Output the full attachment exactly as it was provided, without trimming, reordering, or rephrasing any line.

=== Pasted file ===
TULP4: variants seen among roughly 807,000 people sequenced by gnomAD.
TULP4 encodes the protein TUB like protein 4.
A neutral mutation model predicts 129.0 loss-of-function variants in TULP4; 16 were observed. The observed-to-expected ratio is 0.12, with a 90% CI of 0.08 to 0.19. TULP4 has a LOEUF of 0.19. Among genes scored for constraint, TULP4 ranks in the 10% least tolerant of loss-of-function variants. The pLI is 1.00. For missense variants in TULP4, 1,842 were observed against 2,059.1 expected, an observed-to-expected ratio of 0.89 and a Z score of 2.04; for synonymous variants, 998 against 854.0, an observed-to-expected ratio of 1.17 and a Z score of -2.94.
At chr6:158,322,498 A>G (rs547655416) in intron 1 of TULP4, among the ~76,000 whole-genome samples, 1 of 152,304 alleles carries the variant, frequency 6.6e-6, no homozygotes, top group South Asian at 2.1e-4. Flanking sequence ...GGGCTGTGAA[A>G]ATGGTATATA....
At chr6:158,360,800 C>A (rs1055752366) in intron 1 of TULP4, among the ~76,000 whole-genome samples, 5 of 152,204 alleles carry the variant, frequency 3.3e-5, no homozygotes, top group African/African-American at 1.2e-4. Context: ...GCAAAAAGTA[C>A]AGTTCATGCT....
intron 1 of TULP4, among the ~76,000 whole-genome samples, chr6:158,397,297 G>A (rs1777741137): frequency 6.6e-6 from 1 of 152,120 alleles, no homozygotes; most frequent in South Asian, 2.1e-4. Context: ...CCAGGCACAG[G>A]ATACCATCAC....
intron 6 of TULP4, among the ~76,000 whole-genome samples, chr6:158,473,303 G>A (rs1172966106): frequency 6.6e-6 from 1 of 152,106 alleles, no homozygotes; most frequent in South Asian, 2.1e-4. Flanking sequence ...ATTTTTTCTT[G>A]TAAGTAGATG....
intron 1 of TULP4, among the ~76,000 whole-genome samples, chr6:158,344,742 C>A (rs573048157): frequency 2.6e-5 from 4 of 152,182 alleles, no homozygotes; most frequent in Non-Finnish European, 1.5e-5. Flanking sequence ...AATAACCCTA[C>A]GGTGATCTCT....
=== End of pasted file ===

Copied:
TULP4: variants seen among roughly 807,000 people sequenced by gnomAD.
TULP4 encodes the protein TUB like protein 4.
A neutral mutation model predicts 129.0 loss-of-function variants in TULP4; 16 were observed. The observed-to-expected ratio is 0.12, with a 90% CI of 0.08 to 0.19. TULP4 has a LOEUF of 0.19. Among genes scored for constraint, TULP4 ranks in the 10% least tolerant of loss-of-function variants. The pLI is 1.00. For missense variants in TULP4, 1,842 were observed against 2,059.1 expected, an observed-to-expected ratio of 0.89 and a Z score of 2.04; for synonymous variants, 998 against 854.0, an observed-to-expected ratio of 1.17 and a Z score of -2.94.
At chr6:158,322,498 A>G (rs547655416) in intron 1 of TULP4, among the ~76,000 whole-genome samples, 1 of 152,304 alleles carries the variant, frequency 6.6e-6, no homozygotes, top group South Asian at 2.1e-4. Flanking sequence ...GGGCTGTGAA[A>G]ATGGTATATA....
At chr6:158,360,800 C>A (rs1055752366) in intron 1 of TULP4, among the ~76,000 whole-genome samples, 5 of 152,204 alleles carry the variant, frequency 3.3e-5, no homozygotes, top group African/African-American at 1.2e-4. Context: ...GCAAAAAGTA[C>A]AGTTCATGCT....
intron 1 of TULP4, among the ~76,000 whole-genome samples, chr6:158,397,297 G>A (rs1777741137): frequency 6.6e-6 from 1 of 152,120 alleles, no homozygotes; most frequent in South Asian, 2.1e-4. Context: ...CCAGGCACAG[G>A]ATACCATCAC....
intron 6 of TULP4, among the ~76,000 whole-genome samples, chr6:158,473,303 G>A (rs1172966106): frequency 6.6e-6 from 1 of 152,106 alleles, no homozygotes; most frequent in South Asian, 2.1e-4. Flanking sequence ...ATTTTTTCTT[G>A]TAAGTAGATG....
intron 1 of TULP4, among the ~76,000 whole-genome samples, chr6:158,344,742 C>A (rs573048157): frequency 2.6e-5 from 4 of 152,182 alleles, no homozygotes; most frequent in Non-Finnish European, 1.5e-5. Flanking sequence ...AATAACCCTA[C>A]GGTGATCTCT....